The impeachment probe has unnerved many in the U.S. diplomatic corps—some wary that lawmakers on both sides of the aisle or in the White House will try to politicize their nonpartisan ranks, others quietly fuming at Pompeo’s apparent lack of interest in defending those career diplomats thrust into the spotlight. 

But although Republicans on the committee sought to undercut the importance of the testimony and deny that Trump did anything wrong—accusing the Democrats of spinning a false narrative to move the impeachment probe forward—few lawmakers questioned the credibility of the two witnesses. And while there remains growing fear that the State Department will continue to be a political punching bag, there is also growing pride within the diplomatic ranks over the performance of their colleagues who were called to testify, potentially putting their careers at risk in the process.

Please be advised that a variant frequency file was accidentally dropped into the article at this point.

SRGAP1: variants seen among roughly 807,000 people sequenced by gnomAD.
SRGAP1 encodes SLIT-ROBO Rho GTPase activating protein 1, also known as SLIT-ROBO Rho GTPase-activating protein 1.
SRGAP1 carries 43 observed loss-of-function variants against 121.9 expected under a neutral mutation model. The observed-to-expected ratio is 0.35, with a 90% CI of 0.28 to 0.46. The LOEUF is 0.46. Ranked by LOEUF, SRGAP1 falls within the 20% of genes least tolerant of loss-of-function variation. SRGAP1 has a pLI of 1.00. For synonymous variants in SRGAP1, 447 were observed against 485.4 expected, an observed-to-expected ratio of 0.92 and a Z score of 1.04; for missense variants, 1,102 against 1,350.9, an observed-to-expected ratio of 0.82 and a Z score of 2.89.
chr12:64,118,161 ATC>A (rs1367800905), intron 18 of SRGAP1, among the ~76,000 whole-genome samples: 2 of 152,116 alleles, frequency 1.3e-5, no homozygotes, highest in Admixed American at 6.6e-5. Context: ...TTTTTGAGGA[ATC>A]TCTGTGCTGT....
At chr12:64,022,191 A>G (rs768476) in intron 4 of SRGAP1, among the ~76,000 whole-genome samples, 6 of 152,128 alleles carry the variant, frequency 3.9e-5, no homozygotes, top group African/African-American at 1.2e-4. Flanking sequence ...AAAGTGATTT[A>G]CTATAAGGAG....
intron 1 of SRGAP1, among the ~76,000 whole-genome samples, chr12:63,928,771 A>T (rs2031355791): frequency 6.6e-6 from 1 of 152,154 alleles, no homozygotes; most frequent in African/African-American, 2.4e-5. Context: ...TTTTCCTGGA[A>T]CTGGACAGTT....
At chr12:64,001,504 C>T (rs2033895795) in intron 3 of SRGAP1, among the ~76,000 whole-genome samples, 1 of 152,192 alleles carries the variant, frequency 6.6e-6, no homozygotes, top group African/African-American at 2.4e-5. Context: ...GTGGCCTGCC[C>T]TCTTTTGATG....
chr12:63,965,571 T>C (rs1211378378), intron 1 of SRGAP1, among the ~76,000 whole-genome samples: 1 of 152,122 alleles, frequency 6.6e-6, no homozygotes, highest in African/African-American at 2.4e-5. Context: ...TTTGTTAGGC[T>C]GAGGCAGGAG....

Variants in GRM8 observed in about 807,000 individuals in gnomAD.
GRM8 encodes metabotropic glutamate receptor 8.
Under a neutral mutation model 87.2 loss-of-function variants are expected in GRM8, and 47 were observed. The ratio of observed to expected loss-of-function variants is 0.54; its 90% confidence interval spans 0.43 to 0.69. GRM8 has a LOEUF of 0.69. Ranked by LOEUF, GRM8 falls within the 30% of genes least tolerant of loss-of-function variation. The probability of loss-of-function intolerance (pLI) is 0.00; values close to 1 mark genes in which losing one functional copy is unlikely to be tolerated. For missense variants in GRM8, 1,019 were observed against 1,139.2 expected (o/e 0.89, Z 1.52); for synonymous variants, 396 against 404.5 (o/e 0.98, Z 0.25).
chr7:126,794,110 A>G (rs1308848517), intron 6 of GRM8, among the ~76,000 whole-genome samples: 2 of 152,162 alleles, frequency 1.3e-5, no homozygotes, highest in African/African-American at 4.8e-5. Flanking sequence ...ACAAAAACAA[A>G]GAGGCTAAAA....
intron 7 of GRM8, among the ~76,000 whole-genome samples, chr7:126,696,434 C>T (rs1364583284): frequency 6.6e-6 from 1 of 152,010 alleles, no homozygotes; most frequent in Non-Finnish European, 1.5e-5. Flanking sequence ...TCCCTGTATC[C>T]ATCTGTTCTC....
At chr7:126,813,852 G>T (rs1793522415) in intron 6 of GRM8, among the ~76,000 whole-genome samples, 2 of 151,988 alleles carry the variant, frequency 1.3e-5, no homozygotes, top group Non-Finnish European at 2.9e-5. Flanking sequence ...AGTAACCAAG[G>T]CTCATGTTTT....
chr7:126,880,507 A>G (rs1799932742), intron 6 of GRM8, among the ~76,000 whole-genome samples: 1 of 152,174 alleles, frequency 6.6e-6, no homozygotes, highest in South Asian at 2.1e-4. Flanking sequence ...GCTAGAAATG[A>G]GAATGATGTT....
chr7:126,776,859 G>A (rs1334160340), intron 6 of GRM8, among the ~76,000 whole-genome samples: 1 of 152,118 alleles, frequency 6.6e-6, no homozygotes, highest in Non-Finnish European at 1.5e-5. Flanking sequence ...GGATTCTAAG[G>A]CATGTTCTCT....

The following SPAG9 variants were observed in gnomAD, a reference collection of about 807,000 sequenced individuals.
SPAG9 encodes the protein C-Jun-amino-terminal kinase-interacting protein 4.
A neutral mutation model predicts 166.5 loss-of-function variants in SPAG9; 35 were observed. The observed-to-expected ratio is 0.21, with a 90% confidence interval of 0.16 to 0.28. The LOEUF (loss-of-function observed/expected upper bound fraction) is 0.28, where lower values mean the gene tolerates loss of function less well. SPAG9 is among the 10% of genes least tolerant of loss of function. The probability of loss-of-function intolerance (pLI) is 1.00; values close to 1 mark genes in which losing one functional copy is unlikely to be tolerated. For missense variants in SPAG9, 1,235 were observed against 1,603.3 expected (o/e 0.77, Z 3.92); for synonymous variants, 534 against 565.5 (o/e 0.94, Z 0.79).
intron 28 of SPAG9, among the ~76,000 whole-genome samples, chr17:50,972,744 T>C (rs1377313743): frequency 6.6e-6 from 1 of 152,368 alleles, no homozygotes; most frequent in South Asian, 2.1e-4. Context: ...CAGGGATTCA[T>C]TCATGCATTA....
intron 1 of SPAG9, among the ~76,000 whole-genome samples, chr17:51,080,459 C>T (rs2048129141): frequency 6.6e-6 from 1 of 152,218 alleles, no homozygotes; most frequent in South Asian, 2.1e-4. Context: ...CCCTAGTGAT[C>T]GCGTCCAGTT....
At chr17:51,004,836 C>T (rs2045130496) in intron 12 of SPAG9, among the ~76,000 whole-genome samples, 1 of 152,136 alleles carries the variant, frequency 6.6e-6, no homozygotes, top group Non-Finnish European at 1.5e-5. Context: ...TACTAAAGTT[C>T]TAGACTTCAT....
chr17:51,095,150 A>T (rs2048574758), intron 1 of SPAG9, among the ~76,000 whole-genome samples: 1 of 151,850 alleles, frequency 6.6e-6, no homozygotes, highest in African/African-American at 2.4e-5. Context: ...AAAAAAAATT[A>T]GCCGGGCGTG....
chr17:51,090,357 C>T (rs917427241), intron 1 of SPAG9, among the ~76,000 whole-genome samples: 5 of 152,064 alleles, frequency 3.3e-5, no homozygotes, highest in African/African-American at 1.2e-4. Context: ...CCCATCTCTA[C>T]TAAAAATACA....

Over a dozen current and former State Department officials have told Foreign Policy there is also mounting frustration with Pompeo over his refusal to offer any public defense of the diplomats roped into the inquiry. This includes Marie Yovanovitch, the former U.S. ambassador to Ukraine removed from her post after a smear campaign by Giuliani and his associates with business interests in Ukraine.

Some in Ukraine disliked Yovanovitch’s efforts to root out corruption, including Giuliani’s associates, Kent said during a line of questioning from Democratic Rep. André Carson. Kent suggested this led to her ouster. “You can’t promote principled anti-corruption action without pissing off corrupt people,” he said.

Taylor, Kent, and Yovanovitch—who is expected to testify on Thursday—are “doing their best under the most difficult circumstances to defend American interests in Ukraine,” said one seasoned diplomat who has worked with them. “I am very proud of all three of them.”

Both Kent and Taylor were instructed not to cooperate with Congress and only appeared at Wednesday’s open hearing after the House issued subpoenas.